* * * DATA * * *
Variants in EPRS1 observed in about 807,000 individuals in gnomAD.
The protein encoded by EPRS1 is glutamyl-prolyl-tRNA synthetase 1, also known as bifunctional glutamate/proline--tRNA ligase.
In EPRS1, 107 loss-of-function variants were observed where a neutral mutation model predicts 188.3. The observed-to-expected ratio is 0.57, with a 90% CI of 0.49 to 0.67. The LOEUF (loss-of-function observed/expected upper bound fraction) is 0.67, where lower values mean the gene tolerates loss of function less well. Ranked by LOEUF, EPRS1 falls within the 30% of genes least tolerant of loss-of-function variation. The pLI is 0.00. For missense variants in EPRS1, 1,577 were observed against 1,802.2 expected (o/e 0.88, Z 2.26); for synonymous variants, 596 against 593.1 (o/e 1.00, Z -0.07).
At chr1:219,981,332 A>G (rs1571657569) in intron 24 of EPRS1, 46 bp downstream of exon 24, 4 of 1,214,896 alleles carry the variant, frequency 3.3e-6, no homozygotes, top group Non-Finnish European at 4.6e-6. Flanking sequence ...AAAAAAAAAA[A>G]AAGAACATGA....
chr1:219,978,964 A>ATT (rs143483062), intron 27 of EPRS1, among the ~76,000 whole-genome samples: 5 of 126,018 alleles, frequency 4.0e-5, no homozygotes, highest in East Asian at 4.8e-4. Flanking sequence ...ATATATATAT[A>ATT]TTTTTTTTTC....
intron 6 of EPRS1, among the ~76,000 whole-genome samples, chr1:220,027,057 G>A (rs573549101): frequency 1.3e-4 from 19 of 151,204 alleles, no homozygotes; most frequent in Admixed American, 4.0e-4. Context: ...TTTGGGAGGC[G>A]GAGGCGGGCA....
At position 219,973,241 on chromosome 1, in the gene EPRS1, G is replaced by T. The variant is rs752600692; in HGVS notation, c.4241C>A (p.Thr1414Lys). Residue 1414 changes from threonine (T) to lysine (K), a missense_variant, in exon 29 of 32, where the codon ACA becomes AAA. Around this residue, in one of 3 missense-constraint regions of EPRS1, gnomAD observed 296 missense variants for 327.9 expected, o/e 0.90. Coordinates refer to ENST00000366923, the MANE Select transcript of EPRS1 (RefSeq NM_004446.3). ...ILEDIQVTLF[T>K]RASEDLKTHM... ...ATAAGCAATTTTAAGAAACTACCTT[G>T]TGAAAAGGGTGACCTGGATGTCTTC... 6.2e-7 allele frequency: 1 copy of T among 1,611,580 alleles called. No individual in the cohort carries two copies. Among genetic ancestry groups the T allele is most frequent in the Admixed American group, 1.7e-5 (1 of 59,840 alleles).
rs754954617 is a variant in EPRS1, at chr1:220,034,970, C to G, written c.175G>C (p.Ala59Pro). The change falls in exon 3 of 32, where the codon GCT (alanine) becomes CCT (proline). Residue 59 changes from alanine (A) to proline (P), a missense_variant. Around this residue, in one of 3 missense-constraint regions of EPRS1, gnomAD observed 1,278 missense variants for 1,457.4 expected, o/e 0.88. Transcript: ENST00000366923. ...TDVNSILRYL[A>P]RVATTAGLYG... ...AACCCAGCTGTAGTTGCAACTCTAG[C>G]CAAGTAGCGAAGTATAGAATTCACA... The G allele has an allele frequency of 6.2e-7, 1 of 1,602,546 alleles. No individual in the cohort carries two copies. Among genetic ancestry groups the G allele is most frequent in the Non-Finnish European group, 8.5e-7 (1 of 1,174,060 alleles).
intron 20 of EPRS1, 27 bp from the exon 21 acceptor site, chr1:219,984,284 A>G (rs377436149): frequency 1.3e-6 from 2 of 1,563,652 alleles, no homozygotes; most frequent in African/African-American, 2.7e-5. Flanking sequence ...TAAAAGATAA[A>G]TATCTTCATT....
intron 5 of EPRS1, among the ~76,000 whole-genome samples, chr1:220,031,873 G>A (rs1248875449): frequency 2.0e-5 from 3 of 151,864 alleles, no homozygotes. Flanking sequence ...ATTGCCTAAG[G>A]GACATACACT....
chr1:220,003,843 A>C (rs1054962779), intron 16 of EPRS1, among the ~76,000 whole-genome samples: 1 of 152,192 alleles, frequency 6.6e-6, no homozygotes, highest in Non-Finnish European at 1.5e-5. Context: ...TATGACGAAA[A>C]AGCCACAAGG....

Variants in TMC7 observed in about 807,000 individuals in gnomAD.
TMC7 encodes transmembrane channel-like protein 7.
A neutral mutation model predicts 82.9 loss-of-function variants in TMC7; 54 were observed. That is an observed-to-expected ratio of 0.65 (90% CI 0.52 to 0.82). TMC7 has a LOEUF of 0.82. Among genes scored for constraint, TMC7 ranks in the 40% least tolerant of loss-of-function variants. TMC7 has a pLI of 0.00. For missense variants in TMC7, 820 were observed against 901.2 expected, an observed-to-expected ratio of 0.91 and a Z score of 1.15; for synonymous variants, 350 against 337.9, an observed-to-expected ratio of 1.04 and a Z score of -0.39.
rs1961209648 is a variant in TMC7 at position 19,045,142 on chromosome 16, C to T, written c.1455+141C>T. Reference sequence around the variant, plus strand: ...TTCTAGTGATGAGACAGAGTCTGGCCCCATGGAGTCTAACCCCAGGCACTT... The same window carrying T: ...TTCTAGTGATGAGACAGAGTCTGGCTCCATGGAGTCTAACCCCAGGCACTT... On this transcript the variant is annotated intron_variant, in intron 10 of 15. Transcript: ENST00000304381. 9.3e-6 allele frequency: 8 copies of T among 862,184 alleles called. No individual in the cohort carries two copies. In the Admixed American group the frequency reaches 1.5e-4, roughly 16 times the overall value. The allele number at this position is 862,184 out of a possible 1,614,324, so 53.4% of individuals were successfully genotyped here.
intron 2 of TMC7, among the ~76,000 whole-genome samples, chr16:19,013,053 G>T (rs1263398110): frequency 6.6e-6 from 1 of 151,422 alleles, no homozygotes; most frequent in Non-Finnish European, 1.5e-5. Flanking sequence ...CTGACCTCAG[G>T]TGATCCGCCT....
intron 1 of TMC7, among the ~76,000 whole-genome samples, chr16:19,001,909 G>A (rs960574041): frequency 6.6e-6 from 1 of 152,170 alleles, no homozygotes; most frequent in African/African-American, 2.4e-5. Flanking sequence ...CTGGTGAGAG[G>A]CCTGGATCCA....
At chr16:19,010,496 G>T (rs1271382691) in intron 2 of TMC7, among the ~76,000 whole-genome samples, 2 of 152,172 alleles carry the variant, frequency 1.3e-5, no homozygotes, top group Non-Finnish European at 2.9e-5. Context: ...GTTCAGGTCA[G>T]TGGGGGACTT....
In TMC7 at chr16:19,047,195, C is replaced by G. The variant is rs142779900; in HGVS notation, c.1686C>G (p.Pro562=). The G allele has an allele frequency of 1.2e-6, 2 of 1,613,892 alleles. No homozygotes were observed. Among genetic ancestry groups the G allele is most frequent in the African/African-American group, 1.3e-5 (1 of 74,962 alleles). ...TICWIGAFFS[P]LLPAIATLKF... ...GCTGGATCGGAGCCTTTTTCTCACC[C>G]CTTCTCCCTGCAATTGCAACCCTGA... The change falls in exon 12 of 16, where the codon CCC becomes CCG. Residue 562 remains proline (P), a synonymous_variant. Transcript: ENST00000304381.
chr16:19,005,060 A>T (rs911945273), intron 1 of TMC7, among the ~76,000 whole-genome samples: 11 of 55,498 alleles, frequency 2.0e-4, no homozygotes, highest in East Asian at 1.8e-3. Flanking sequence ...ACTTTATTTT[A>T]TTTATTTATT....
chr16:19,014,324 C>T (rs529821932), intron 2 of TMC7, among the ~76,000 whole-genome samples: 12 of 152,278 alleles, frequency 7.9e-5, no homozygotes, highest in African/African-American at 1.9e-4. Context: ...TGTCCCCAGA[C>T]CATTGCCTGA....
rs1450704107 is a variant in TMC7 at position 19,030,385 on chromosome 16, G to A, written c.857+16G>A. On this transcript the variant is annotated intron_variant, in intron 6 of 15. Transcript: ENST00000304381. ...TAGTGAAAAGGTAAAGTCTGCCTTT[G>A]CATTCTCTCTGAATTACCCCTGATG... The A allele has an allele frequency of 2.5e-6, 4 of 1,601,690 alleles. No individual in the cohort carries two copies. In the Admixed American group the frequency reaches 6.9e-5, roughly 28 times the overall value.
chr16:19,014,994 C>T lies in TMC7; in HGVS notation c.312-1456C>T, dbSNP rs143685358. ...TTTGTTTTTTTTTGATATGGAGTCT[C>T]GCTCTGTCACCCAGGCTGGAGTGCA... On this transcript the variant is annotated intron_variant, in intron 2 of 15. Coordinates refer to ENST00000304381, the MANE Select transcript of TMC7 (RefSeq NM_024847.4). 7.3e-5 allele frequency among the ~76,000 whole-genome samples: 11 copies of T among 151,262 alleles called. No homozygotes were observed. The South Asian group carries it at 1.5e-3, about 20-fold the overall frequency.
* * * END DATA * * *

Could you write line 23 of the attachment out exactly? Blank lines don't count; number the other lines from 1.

chr16:19,014,994 C>T lies in TMC7; in HGVS notation c.312-1456C>T, dbSNP rs143685358. ...TTTGTTTTTTTTTGATATGGAGTCT[C>T]GCTCTGTCACCCAGGCTGGAGTGCA... On this transcript the variant is annotated intron_variant, in intron 2 of 15. Coordinates refer to ENST00000304381, the MANE Select transcript of TMC7 (RefSeq NM_024847.4). 7.3e-5 allele frequency among the ~76,000 whole-genome samples: 11 copies of T among 151,262 alleles called. No homozygotes were observed. The South Asian group carries it at 1.5e-3, about 20-fold the overall frequency.